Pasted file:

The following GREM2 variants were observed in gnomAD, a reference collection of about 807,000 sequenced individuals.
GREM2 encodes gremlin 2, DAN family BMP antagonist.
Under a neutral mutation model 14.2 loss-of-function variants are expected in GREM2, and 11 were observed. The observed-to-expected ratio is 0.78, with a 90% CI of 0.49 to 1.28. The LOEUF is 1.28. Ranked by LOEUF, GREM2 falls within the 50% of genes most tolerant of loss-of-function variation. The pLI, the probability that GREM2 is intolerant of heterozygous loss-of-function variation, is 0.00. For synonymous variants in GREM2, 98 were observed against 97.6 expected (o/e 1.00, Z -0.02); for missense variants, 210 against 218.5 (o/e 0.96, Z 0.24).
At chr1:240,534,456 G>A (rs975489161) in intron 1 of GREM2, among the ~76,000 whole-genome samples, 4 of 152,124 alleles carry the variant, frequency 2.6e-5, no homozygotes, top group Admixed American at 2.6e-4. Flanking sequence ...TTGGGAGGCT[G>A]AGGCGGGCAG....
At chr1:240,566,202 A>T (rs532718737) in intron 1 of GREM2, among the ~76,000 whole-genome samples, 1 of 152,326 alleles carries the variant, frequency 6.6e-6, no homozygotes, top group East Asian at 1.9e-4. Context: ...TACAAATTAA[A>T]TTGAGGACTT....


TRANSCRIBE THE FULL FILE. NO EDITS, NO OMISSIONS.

The following GREM2 variants were observed in gnomAD, a reference collection of about 807,000 sequenced individuals.
GREM2 encodes gremlin 2, DAN family BMP antagonist.
Under a neutral mutation model 14.2 loss-of-function variants are expected in GREM2, and 11 were observed. The observed-to-expected ratio is 0.78, with a 90% CI of 0.49 to 1.28. The LOEUF is 1.28. Ranked by LOEUF, GREM2 falls within the 50% of genes most tolerant of loss-of-function variation. The pLI, the probability that GREM2 is intolerant of heterozygous loss-of-function variation, is 0.00. For synonymous variants in GREM2, 98 were observed against 97.6 expected (o/e 1.00, Z -0.02); for missense variants, 210 against 218.5 (o/e 0.96, Z 0.24).
At chr1:240,534,456 G>A (rs975489161) in intron 1 of GREM2, among the ~76,000 whole-genome samples, 4 of 152,124 alleles carry the variant, frequency 2.6e-5, no homozygotes, top group Admixed American at 2.6e-4. Flanking sequence ...TTGGGAGGCT[G>A]AGGCGGGCAG....
At chr1:240,566,202 A>T (rs532718737) in intron 1 of GREM2, among the ~76,000 whole-genome samples, 1 of 152,326 alleles carries the variant, frequency 6.6e-6, no homozygotes, top group East Asian at 1.9e-4. Context: ...TACAAATTAA[A>T]TTGAGGACTT....